5. Make the process smooth. If you can knock some rough edges off that's a good thing. Might mean bringing extra pens and pads for the forgetful or making sure the coffee addicts have access to the right brew. Might mean finding the right restaurant for foodies. Just don't leave anything to chance if you can help it. We probably won't find "just the right chair" at the location.....
6. The follow up. After you deliver the files you need to follow up and make sure everything works and the designers are happy with both the files and the images. Then you need to follow up and make sure you haven't messed up anything on the invoicing. And finally, you should make a note to follow up and see how the photo worked in the ad or on the web. The more interested you are in their work the more interested they will be in your work!
7. The "thank you." Without them you will not make money. Clients need to know that you appreciate being invited to the party. If your mom and dad never made you write "thank you" notes for gifts you got from relatives and friends then you need to work that out with your therapist. But you should make thanking your business partners = your clients mandatory when they give you the opportunity to show off how good you can be while giving you money in the process. I've never met a client who didn't appreciate an honest expression of gratitude from an important vendor.....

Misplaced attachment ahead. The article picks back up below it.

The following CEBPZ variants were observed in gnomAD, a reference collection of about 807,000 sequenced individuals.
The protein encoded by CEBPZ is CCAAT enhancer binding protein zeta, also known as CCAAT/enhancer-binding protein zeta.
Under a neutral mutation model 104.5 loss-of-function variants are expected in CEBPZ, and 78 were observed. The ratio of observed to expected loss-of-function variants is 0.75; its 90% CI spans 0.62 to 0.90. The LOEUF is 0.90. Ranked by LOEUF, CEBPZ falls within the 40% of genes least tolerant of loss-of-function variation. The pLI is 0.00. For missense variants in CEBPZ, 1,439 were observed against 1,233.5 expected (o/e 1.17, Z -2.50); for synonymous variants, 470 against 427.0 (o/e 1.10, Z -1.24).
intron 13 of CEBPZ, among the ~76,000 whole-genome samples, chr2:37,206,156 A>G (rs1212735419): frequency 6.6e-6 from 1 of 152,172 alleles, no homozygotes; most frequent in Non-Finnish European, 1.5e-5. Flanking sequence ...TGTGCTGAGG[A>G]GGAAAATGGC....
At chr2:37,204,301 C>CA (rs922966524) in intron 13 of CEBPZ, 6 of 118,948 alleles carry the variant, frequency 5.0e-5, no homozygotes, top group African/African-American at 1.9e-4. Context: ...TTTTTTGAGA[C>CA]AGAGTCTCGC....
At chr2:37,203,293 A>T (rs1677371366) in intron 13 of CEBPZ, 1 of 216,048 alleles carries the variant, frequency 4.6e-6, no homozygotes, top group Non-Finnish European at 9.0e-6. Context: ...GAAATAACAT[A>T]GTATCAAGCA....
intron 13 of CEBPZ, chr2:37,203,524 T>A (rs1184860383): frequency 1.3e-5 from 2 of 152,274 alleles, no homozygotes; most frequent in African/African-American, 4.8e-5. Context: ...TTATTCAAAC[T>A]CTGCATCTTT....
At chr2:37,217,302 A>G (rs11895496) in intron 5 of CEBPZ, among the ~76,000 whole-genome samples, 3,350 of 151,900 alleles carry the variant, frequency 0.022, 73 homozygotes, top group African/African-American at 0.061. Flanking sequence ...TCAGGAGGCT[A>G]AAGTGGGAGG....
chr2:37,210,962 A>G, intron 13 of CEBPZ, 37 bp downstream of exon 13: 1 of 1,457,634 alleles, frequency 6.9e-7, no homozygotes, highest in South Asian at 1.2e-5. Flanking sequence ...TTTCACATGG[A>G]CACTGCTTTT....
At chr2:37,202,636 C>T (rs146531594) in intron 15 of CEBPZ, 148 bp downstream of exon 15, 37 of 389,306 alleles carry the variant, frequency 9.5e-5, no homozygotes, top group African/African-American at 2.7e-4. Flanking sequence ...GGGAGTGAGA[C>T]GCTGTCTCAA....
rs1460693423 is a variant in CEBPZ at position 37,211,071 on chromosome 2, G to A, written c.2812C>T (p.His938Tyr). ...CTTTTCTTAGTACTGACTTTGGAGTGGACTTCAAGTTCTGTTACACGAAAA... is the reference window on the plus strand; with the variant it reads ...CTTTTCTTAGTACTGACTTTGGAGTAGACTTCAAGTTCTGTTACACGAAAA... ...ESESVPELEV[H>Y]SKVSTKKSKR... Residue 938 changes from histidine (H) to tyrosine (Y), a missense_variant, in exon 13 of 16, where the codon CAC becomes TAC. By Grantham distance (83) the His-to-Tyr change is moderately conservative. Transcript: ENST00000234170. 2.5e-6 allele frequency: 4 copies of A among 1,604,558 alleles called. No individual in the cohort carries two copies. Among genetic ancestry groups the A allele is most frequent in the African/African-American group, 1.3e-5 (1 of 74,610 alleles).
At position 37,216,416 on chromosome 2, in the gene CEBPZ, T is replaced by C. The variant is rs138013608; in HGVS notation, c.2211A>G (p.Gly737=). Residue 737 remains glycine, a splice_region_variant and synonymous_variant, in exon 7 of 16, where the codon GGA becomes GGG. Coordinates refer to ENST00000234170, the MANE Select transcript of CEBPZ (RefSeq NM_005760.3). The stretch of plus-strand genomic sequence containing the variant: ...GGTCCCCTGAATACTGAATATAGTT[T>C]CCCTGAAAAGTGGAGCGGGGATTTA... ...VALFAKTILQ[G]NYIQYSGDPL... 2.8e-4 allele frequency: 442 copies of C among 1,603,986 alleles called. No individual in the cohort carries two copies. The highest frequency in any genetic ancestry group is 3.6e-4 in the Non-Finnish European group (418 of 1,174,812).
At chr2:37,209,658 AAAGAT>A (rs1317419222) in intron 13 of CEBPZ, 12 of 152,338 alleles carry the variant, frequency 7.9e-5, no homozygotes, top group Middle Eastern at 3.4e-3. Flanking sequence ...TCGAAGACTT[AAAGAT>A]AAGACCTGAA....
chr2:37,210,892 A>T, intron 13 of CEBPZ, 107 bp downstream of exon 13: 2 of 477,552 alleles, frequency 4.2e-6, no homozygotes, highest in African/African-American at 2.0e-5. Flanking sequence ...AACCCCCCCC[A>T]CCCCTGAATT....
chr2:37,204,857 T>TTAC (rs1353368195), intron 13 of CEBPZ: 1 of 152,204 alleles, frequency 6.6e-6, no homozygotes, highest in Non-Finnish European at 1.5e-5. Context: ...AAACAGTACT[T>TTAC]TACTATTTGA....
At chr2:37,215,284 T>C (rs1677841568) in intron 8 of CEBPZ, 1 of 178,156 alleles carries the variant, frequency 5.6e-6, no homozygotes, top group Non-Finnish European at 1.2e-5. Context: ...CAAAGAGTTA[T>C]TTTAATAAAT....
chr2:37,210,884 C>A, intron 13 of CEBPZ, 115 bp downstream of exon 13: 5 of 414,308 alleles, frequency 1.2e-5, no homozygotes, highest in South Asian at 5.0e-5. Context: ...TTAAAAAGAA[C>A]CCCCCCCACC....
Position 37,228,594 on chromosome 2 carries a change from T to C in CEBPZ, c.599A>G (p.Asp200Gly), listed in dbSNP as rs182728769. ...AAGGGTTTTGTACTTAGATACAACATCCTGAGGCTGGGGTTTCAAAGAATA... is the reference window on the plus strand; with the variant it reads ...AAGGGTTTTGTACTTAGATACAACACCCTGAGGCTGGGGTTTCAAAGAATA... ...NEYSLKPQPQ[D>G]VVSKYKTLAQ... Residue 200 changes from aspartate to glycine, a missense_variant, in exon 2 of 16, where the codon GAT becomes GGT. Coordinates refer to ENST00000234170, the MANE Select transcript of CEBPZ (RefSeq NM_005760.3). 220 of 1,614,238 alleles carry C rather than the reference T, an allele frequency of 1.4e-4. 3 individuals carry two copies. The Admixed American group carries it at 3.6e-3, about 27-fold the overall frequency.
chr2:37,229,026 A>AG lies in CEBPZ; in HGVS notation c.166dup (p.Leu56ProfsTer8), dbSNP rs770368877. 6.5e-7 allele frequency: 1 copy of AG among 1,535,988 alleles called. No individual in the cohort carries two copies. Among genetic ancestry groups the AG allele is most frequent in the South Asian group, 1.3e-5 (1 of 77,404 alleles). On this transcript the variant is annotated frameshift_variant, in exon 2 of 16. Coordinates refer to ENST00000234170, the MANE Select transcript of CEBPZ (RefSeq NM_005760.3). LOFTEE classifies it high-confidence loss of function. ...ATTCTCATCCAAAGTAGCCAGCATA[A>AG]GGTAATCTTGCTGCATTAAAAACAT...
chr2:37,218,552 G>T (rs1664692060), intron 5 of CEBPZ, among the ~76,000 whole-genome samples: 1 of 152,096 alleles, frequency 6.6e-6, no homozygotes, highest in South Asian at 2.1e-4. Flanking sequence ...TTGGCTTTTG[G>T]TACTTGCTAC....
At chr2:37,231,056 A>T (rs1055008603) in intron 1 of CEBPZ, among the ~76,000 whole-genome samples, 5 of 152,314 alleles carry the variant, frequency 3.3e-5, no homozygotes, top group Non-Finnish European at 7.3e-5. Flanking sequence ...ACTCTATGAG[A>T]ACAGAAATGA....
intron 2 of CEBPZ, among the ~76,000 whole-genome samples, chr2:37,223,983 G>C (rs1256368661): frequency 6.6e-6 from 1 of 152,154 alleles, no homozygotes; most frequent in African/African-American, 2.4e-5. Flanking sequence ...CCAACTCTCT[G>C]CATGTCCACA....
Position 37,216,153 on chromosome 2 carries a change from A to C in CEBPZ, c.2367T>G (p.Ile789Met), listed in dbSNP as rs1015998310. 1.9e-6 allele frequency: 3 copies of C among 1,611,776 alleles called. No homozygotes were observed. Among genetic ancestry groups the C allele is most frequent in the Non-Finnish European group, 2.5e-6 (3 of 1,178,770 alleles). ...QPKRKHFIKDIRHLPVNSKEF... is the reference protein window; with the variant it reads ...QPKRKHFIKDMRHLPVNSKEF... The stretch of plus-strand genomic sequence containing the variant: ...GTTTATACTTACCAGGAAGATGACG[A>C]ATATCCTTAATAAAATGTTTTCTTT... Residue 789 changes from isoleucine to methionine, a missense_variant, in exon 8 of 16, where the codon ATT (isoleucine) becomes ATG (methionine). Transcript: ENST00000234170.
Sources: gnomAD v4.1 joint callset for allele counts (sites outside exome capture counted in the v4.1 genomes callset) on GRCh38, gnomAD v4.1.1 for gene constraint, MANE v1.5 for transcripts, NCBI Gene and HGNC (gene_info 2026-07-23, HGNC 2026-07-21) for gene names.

8. The "non-creepy" check in. You want to stay connected to your client and you want your client connected to you. Between jobs it's important to keep in touch. But not in a creepy, "Hey, it's Bob. Do you have any work for me???" sort of way. How do you do it? If you've worked with a client on a project you'll probably have chatted about fun stuff like favorite TV shows, favorite music, favorite foods and what not during the course of their project. A quick link to something you know they'll be interested in is nice. A "no sales" lunch at a favorite lunch haunt is always welcome. Just keep the selling to a minimum. If you have some new work to show send them a taste in the form of a post card.
Finally, make sure there are no loose ends from a job. If you promised a print or a file, jump on it right away. If you make your jobs smooth and pretty much carefree for your clients you'll be invited back to the party again and again. We all like working with people who make our lives easier. And we've all dumped vendors who gave us confusing bills, showed up late or acted gruff and surly. Don't get dumped for forgetting the little stuff.